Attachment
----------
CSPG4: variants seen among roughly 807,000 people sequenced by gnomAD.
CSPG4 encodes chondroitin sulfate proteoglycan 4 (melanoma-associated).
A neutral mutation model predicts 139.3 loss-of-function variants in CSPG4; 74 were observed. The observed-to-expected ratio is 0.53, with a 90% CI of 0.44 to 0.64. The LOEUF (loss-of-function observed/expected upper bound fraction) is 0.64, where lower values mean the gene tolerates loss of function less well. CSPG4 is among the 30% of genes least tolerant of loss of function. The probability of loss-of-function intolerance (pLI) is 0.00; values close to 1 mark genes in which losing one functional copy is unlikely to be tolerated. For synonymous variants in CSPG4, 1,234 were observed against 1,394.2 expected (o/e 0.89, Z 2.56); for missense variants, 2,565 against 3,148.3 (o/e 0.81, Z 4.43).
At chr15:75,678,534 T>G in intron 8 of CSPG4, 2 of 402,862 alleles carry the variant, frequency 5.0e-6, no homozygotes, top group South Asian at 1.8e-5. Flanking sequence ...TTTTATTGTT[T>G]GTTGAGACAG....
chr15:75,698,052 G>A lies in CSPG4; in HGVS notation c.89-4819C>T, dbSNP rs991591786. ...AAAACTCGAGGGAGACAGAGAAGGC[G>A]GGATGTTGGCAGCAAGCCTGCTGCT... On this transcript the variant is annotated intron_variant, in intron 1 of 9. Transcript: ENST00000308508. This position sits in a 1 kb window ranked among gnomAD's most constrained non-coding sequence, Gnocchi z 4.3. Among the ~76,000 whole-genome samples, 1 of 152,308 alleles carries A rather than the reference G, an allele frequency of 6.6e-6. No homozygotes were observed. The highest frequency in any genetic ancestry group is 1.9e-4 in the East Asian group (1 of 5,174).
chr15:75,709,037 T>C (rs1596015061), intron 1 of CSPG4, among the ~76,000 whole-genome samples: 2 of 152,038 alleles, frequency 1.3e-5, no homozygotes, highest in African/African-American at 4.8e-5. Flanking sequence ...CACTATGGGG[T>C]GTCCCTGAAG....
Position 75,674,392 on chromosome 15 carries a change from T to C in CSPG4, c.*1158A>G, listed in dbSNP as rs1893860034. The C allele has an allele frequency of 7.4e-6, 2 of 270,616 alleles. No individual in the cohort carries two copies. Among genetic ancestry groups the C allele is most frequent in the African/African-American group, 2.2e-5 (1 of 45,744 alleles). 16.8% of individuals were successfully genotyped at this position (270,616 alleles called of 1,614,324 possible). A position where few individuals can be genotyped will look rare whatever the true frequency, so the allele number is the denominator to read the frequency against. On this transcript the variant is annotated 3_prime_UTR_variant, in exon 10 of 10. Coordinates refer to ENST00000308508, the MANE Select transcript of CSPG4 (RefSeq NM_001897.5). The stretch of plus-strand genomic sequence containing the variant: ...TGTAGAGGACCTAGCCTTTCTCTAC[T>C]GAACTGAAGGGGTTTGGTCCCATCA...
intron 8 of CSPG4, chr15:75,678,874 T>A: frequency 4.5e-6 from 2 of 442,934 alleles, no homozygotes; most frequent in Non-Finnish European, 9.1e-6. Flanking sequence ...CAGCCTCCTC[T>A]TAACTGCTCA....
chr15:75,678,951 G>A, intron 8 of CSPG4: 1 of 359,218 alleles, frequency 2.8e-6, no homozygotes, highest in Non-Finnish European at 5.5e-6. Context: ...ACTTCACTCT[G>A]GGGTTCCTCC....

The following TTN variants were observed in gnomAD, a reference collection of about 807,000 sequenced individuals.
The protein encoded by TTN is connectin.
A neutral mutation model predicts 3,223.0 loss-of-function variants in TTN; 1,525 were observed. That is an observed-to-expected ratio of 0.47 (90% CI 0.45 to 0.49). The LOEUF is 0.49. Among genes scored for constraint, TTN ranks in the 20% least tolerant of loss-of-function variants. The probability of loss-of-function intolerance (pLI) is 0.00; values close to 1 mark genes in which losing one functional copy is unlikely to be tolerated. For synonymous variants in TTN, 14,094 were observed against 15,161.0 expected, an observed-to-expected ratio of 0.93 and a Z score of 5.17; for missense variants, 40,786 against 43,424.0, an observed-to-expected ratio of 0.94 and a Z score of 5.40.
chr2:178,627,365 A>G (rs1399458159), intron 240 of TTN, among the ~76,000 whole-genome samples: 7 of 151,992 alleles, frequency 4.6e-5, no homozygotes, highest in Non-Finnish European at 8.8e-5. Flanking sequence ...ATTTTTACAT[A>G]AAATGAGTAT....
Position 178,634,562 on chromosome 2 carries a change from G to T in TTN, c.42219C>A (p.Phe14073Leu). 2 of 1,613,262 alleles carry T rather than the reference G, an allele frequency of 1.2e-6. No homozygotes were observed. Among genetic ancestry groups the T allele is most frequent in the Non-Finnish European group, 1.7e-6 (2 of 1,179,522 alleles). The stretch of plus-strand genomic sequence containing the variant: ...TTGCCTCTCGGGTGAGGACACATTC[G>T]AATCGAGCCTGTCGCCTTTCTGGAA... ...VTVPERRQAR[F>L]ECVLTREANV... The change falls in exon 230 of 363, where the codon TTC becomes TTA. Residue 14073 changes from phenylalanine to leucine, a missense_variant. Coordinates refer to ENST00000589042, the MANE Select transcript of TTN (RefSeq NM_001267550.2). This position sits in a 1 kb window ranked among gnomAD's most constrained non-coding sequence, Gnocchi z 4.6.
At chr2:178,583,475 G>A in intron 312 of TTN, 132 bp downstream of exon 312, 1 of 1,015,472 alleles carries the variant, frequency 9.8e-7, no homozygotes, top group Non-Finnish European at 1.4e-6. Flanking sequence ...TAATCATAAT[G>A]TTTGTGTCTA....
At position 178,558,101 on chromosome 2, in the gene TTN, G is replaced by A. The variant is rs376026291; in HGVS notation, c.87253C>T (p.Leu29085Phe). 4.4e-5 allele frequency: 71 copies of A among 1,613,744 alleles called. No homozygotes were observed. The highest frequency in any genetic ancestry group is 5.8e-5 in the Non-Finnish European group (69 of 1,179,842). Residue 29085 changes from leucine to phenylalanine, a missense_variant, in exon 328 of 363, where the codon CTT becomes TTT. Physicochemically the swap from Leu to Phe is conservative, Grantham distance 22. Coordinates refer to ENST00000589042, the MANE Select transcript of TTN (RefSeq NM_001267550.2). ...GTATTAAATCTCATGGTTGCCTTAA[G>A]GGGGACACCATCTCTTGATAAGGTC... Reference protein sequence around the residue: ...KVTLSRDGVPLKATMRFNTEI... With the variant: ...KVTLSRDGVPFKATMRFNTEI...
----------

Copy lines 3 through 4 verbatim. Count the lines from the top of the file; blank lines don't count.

A neutral mutation model predicts 139.3 loss-of-function variants in CSPG4; 74 were observed. The observed-to-expected ratio is 0.53, with a 90% CI of 0.44 to 0.64. The LOEUF (loss-of-function observed/expected upper bound fraction) is 0.64, where lower values mean the gene tolerates loss of function less well. CSPG4 is among the 30% of genes least tolerant of loss of function. The probability of loss-of-function intolerance (pLI) is 0.00; values close to 1 mark genes in which losing one functional copy is unlikely to be tolerated. For synonymous variants in CSPG4, 1,234 were observed against 1,394.2 expected (o/e 0.89, Z 2.56); for missense variants, 2,565 against 3,148.3 (o/e 0.81, Z 4.43).
At chr15:75,678,534 T>G in intron 8 of CSPG4, 2 of 402,862 alleles carry the variant, frequency 5.0e-6, no homozygotes, top group South Asian at 1.8e-5. Flanking sequence ...TTTTATTGTT[T>G]GTTGAGACAG....